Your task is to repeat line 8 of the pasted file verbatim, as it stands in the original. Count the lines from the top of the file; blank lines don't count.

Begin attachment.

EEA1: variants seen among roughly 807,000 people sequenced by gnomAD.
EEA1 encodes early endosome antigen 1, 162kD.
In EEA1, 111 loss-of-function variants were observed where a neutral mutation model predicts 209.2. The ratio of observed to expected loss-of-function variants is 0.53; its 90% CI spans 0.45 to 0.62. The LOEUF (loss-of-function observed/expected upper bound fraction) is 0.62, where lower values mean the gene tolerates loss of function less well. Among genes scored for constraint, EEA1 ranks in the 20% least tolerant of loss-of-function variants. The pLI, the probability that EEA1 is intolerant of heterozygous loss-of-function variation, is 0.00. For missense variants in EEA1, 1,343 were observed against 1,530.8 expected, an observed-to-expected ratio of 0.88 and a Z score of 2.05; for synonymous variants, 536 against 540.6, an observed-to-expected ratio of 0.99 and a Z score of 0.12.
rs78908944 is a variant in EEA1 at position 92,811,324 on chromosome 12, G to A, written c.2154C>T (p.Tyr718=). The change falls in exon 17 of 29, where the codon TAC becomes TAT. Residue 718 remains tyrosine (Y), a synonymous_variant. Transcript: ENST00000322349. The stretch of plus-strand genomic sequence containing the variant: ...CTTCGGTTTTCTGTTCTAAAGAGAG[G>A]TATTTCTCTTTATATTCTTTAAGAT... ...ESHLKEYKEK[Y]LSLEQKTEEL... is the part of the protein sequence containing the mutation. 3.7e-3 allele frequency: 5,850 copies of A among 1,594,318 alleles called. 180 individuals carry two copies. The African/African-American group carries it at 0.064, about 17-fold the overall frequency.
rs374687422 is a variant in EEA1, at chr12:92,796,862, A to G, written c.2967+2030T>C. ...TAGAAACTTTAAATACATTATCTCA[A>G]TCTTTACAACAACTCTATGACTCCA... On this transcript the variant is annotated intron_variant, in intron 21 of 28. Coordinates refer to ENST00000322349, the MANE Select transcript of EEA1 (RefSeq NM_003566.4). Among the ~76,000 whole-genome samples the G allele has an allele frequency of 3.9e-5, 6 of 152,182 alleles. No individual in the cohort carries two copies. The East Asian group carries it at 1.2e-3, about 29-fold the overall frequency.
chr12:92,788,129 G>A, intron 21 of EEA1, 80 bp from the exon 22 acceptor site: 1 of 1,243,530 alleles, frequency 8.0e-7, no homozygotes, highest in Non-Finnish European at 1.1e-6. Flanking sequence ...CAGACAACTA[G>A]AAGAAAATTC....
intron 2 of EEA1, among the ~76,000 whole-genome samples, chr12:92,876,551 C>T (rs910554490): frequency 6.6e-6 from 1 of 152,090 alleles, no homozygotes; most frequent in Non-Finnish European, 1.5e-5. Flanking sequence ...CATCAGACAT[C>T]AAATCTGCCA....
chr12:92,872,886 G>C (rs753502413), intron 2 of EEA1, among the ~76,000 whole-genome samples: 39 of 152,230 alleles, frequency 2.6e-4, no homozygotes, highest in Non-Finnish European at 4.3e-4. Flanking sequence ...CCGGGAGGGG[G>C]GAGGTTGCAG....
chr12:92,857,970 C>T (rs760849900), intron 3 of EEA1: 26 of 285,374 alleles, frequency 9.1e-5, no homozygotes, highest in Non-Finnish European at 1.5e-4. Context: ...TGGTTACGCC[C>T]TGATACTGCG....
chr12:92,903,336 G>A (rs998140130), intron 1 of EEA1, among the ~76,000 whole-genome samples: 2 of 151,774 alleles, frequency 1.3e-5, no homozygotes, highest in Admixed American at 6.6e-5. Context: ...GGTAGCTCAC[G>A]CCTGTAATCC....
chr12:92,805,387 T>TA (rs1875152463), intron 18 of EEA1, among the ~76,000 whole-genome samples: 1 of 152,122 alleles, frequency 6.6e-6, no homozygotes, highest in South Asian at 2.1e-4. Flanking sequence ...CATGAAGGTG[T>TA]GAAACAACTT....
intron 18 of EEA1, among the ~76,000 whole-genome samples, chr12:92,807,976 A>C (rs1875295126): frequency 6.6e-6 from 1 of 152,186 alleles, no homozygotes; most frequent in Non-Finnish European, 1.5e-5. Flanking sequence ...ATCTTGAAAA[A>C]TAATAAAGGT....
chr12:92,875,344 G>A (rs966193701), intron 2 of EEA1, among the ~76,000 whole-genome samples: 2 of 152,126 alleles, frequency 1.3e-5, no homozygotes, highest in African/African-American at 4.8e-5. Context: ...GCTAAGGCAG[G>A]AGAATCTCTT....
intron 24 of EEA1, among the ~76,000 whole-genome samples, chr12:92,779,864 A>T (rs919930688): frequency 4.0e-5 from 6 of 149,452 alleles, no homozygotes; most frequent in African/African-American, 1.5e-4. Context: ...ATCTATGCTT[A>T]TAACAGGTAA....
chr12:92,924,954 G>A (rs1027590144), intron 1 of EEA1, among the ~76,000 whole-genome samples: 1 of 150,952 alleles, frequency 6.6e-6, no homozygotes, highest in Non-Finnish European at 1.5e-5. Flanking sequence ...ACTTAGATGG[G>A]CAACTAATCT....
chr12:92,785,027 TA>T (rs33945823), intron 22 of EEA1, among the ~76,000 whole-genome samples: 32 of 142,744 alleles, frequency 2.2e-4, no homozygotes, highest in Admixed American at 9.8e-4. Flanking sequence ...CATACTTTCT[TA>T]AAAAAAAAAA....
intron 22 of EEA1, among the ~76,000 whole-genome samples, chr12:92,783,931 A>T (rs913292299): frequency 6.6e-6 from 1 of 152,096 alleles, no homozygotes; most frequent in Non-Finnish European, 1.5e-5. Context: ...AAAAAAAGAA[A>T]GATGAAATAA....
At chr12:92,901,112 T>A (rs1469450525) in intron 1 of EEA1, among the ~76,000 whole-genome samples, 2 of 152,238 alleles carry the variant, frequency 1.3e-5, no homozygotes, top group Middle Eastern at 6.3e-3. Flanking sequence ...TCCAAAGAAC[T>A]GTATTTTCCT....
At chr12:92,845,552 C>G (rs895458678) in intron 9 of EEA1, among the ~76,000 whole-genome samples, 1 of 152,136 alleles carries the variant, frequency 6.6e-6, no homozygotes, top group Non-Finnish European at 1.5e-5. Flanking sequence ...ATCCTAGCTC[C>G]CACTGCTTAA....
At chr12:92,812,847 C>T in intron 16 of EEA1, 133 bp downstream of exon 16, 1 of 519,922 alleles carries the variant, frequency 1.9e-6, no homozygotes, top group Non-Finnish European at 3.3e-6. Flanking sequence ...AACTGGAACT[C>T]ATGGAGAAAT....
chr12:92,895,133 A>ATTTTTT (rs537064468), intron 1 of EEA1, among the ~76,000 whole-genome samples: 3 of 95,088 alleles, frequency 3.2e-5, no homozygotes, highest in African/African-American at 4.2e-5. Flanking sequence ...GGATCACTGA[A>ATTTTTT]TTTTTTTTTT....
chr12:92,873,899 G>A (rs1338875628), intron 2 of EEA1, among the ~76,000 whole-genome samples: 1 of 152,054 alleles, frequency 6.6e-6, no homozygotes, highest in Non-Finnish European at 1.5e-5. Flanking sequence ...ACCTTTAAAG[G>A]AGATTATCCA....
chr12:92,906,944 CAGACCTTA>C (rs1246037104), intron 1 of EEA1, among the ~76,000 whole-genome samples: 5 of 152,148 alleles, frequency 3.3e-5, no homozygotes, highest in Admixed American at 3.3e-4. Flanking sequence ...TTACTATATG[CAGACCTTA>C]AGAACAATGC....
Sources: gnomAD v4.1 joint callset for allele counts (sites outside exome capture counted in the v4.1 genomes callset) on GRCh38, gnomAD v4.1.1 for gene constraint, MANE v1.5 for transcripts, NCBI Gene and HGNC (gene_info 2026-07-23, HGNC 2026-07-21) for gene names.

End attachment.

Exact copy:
chr12:92,872,886 G>C (rs753502413), intron 2 of EEA1, among the ~76,000 whole-genome samples: 39 of 152,230 alleles, frequency 2.6e-4, no homozygotes, highest in Non-Finnish European at 4.3e-4. Flanking sequence ...CCGGGAGGGG[G>C]GAGGTTGCAG....